My daughter, Grace, is almost 5 and is on the autism spectrum. She is nonverbal but is fierce and friendly and much braver than her father.
She has had more doctors than years. They have included a neurologist, a neurogeneticist, a nephrologist, a radiologist, a pediatric dentist capable of using necessary sedation to fill ordinary cavities and a kind, competent and endlessly patient pediatrician. She has had dedicated teachers starting from 15 months who have worked to help her during these critical years when the brain is still getting itself organized and neural connections can be rerouted.
Grace has a mother who works past tired to educate herself on the best way forward for all of us. She has a 6-year-old brother, Henry, who tries to connect with her in every way possible, whether it be tickling her or prodding her to play with her favorite toys. She has family and friends who give a piece of themselves to her in ways that are great and small.Don't miss outSign up for The PointCartoonDavies' latest cartoon: NYC's Trump wall CommentSubmit your letter
She also has a dad who nearly drowned in denial.
There was this picture, you see. Somehow, in my mind, my girl would grow up to be Veronica Mars, all sass and courage, the smartest girl in any room she happened to be in.
In those first few months, after it became clear that she was retreating from the world, I kept asking what was possible for her. Would she go to college one day? Would she ever talk? Nobody had satisfactory answers.
But then, how could they? Those questions weren’t really about my daughter. They were about me. My loss. My fear. My pain. My beautiful girl needed me and I was lost.
So, day by day, I shuffled through her life. I tickled her belly and sat her on my lap. I gave her kisses and hugs and got her dressed for school and told the whole world that she was my girl and that she was fierce and friendly and brave. But I made no effort to learn the basics of applied behavioral analysis, which is the foundation of learning for children on the spectrum. And I left it to her exhausted mother to keep a vigilant eye on the services she received.
I was like Herman Melville’s character Bartleby - always there but never present.
The Rev. Martin Luther King Jr. once said, “We must accept finite disappointment but never lose infinite hope.” The truth is my daughter may never talk. This is the reality, and marshaling the strength to find something true and beautiful on the other side of it is a daily battle. These days, mostly I win.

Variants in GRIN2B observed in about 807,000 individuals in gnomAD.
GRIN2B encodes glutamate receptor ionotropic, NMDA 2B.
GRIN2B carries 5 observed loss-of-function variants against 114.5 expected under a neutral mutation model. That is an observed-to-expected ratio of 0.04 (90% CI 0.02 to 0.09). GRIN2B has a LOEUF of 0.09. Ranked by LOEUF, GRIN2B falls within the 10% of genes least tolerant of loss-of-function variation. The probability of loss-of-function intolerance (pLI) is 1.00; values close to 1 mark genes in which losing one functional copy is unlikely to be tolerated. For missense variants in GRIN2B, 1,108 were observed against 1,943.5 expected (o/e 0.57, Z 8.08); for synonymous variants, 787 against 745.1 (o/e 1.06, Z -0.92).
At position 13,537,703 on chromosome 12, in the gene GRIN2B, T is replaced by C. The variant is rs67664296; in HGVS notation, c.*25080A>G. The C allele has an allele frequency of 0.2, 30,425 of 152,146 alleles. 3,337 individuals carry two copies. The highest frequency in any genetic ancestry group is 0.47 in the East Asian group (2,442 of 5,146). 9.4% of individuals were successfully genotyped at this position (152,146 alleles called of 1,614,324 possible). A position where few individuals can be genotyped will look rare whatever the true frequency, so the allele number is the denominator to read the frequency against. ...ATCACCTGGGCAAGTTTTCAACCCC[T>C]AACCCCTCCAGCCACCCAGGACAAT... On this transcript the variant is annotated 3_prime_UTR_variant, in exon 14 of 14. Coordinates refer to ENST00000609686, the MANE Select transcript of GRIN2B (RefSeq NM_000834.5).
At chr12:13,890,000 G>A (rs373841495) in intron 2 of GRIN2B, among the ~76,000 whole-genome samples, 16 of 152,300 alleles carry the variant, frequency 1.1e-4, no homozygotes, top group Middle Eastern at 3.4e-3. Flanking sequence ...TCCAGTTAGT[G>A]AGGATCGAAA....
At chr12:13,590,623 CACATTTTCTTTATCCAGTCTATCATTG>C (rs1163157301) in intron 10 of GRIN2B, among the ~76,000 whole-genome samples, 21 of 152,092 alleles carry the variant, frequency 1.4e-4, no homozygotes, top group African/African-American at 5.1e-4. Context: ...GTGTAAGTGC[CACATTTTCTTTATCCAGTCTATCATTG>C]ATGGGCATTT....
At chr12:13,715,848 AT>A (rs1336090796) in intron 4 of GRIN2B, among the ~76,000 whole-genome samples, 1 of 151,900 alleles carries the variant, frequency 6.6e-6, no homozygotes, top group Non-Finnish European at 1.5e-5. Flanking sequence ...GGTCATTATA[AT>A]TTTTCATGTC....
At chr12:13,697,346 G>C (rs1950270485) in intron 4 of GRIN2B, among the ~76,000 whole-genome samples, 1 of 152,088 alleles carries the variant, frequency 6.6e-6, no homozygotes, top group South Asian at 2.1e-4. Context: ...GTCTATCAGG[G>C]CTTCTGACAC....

I will be sitting in church and feel her tiny hand on my knee and soak in the profound comfort she takes from my presence. Or I will open the trampoline and lift her on to that magic carpet so she can bounce joy into both our lives. Or I will float in the great, grand music of her laughter. At these times, my girl is happy and that is all any parent wants.
But there are other days, too. As a family we are always searching for activities that will interest her and my son and always wondering if we will be welcome when we find them.
In some places the answer is no. Not long ago we tried to sign her up for swimming lessons but were told children with special needs should either join a special class on Wednesday nights - not exactly a family-friendly option for working parents - or hire a private instructor. We moved on and searched for somewhere more welcoming.
Each day there are struggles great and small to confront. A vacation sounds nice but requires travel and ripping her from her routine. A night out sounds nice but requires a baby sitter and they are in short supply because you need someone you trust and who is capable of caring for a child who can’t easily communicate. The world is a perilous place when your child can’t talk to you and tell you what is wrong. (Just imagine trying to get a 4-year-old to take cold medicine without being able to explain to her why she needs to take it.)
And always there is the hulking cloud of the future threatening to crowd out the sunshine of the present. Someday, I will die. My wife will, too. What then? Will she understand? Will someone be there to take care of her? How much money must we make now to secure for her a future that is not full of torment?
All difficult questions. But in them there is some measure of progress. All of them are questions about her.
Matt Eagan is a former Hartford Courant staff writer who is now a lawyer in Hartford, Conn. He lives in West Hartford with his wife and two children.